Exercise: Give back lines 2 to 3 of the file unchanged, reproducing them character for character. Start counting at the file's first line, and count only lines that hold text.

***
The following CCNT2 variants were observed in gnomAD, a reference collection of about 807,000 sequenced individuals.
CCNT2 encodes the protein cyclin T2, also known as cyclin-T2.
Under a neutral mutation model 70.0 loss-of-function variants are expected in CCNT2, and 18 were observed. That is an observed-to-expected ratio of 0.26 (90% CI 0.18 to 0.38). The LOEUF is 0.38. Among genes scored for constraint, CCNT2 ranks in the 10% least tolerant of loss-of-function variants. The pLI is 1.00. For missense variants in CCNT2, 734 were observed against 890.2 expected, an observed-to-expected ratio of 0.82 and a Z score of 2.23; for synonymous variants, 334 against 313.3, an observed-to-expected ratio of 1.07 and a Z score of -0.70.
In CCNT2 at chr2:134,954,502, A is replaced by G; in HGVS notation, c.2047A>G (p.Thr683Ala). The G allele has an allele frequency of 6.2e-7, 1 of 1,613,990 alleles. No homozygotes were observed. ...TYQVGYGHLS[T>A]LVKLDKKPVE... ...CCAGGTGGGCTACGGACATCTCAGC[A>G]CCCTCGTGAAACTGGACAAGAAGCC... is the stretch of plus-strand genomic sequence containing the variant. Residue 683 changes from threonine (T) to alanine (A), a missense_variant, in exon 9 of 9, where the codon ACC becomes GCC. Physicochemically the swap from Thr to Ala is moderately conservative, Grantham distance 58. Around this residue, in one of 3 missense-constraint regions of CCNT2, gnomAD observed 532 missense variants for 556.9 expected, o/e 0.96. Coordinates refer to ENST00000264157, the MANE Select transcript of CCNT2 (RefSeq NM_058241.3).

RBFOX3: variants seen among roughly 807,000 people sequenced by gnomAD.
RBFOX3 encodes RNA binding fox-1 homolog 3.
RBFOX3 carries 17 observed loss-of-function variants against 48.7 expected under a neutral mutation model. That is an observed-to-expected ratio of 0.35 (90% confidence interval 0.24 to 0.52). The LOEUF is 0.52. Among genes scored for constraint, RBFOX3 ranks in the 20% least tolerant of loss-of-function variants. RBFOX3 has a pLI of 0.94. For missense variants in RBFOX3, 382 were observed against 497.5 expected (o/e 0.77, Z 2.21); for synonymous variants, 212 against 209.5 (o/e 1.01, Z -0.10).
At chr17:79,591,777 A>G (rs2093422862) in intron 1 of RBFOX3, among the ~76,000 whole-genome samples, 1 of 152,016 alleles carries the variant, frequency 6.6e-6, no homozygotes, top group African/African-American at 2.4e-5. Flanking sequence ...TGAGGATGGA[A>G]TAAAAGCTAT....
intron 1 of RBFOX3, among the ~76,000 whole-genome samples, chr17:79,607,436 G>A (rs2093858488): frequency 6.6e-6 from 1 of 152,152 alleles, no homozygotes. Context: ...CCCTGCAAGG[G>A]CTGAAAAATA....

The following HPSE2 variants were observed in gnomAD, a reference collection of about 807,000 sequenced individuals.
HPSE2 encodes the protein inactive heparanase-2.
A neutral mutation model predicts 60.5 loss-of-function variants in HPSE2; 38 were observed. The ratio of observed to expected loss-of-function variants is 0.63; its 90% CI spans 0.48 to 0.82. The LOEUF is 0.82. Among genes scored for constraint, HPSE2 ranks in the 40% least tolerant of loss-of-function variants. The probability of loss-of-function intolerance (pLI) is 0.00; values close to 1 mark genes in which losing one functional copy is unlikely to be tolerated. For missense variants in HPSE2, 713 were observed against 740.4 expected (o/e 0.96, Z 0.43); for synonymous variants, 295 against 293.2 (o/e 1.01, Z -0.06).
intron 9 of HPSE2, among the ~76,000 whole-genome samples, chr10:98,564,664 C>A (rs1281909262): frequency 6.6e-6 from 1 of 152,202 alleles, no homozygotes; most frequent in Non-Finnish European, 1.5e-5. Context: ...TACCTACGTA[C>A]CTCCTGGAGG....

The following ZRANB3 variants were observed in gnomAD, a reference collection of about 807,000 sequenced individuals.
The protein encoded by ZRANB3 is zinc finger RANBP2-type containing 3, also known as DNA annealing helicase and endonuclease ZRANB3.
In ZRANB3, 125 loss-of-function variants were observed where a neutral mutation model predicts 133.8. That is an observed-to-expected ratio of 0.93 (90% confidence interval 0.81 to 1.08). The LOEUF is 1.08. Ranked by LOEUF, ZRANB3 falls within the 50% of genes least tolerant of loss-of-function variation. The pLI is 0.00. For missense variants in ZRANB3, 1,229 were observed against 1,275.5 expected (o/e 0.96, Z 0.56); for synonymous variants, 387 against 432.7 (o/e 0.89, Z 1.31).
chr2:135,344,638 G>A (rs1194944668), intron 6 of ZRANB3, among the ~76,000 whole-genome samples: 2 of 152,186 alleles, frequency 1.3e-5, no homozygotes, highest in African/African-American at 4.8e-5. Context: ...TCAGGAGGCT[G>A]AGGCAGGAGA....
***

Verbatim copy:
CCNT2 encodes the protein cyclin T2, also known as cyclin-T2.
Under a neutral mutation model 70.0 loss-of-function variants are expected in CCNT2, and 18 were observed. That is an observed-to-expected ratio of 0.26 (90% CI 0.18 to 0.38). The LOEUF is 0.38. Among genes scored for constraint, CCNT2 ranks in the 10% least tolerant of loss-of-function variants. The pLI is 1.00. For missense variants in CCNT2, 734 were observed against 890.2 expected, an observed-to-expected ratio of 0.82 and a Z score of 2.23; for synonymous variants, 334 against 313.3, an observed-to-expected ratio of 1.07 and a Z score of -0.70.